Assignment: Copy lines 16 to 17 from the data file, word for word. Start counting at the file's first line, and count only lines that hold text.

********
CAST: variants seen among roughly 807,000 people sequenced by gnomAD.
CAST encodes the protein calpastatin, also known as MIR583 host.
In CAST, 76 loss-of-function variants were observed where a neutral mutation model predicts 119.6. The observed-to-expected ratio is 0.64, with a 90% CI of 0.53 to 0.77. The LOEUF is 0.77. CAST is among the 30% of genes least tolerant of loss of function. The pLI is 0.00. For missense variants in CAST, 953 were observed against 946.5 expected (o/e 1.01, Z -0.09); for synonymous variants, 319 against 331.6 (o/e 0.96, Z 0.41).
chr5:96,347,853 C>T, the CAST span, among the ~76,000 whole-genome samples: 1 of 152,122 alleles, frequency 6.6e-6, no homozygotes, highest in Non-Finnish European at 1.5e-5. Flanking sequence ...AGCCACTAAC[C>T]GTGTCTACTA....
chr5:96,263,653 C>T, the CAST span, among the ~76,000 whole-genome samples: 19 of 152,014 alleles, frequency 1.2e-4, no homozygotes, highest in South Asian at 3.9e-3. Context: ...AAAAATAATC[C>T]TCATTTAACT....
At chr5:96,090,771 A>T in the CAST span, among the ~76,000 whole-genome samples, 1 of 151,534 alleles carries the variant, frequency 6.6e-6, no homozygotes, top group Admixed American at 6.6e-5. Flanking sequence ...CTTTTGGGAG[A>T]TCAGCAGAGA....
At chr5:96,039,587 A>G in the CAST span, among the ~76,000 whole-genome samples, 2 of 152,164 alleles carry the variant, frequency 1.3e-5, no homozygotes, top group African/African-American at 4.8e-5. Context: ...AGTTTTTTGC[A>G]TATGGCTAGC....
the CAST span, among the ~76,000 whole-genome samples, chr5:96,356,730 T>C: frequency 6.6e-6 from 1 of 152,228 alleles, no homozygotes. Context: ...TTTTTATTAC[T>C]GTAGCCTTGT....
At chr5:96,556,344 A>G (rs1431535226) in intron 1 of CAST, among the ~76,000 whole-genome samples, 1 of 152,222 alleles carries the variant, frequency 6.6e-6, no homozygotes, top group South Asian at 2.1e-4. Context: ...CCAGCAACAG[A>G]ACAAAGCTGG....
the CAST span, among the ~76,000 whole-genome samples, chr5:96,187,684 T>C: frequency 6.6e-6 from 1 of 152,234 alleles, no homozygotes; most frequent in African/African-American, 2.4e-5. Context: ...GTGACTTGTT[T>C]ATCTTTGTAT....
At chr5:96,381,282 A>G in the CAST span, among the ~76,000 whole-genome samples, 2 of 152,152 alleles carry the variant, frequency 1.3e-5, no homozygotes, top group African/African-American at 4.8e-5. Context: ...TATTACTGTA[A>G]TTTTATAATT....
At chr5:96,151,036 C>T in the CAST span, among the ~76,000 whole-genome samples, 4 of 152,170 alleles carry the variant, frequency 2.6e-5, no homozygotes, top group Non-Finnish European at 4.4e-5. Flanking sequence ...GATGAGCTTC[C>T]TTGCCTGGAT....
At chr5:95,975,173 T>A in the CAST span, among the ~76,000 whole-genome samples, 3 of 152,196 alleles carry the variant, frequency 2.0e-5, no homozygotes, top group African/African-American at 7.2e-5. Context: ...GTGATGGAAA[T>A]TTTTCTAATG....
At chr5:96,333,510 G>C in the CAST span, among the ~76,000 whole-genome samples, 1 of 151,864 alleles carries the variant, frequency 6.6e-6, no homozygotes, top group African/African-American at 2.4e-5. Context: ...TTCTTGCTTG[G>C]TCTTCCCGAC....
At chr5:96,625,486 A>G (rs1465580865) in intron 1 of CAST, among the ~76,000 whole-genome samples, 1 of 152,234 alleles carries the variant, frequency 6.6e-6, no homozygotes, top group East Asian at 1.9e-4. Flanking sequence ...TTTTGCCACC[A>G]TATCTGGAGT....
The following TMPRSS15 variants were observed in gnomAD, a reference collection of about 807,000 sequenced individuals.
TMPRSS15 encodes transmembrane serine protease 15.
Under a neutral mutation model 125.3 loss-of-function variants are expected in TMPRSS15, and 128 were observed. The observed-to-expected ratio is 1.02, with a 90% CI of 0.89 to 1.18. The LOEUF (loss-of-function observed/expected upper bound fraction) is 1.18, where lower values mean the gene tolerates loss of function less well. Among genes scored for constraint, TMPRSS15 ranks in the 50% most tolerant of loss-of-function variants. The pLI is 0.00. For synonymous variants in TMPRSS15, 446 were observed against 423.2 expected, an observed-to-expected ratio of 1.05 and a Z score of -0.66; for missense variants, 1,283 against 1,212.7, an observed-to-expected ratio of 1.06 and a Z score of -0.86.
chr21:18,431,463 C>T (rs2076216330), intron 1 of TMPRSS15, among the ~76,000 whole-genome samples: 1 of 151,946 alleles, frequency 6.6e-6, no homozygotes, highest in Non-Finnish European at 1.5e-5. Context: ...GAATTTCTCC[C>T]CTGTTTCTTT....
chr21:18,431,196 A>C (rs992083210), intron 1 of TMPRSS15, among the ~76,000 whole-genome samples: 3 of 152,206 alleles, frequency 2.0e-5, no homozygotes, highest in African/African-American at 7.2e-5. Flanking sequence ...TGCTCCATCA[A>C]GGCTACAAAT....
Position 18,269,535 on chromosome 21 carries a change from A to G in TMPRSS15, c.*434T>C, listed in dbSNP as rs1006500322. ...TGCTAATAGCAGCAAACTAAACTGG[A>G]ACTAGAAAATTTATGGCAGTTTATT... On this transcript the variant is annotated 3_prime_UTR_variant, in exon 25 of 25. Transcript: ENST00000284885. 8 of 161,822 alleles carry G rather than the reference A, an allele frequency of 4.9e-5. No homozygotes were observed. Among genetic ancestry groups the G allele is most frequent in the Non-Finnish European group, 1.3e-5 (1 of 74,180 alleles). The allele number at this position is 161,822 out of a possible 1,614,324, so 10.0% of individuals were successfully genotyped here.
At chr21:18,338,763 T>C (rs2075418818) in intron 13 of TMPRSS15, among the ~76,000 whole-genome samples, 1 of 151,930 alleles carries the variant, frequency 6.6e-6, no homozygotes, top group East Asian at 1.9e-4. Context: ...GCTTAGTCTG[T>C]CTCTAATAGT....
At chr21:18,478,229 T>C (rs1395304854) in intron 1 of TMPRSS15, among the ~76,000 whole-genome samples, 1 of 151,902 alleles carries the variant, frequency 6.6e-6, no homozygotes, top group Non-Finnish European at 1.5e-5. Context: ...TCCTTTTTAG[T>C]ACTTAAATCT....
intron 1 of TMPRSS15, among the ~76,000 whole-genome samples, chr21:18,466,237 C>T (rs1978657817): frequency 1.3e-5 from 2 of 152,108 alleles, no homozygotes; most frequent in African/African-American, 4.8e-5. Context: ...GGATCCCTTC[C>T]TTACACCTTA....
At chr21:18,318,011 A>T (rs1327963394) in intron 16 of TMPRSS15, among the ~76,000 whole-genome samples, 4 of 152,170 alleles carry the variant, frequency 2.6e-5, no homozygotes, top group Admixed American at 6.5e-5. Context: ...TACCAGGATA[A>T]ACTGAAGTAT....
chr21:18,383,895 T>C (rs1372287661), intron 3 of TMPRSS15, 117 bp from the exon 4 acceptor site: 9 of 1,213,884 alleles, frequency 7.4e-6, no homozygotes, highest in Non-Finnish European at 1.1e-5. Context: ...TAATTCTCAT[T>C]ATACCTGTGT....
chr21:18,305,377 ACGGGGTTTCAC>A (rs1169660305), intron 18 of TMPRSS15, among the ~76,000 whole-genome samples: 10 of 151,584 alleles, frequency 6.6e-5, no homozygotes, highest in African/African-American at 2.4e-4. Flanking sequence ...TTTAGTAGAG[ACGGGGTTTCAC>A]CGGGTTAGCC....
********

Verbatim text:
The following TMPRSS15 variants were observed in gnomAD, a reference collection of about 807,000 sequenced individuals.
TMPRSS15 encodes transmembrane serine protease 15.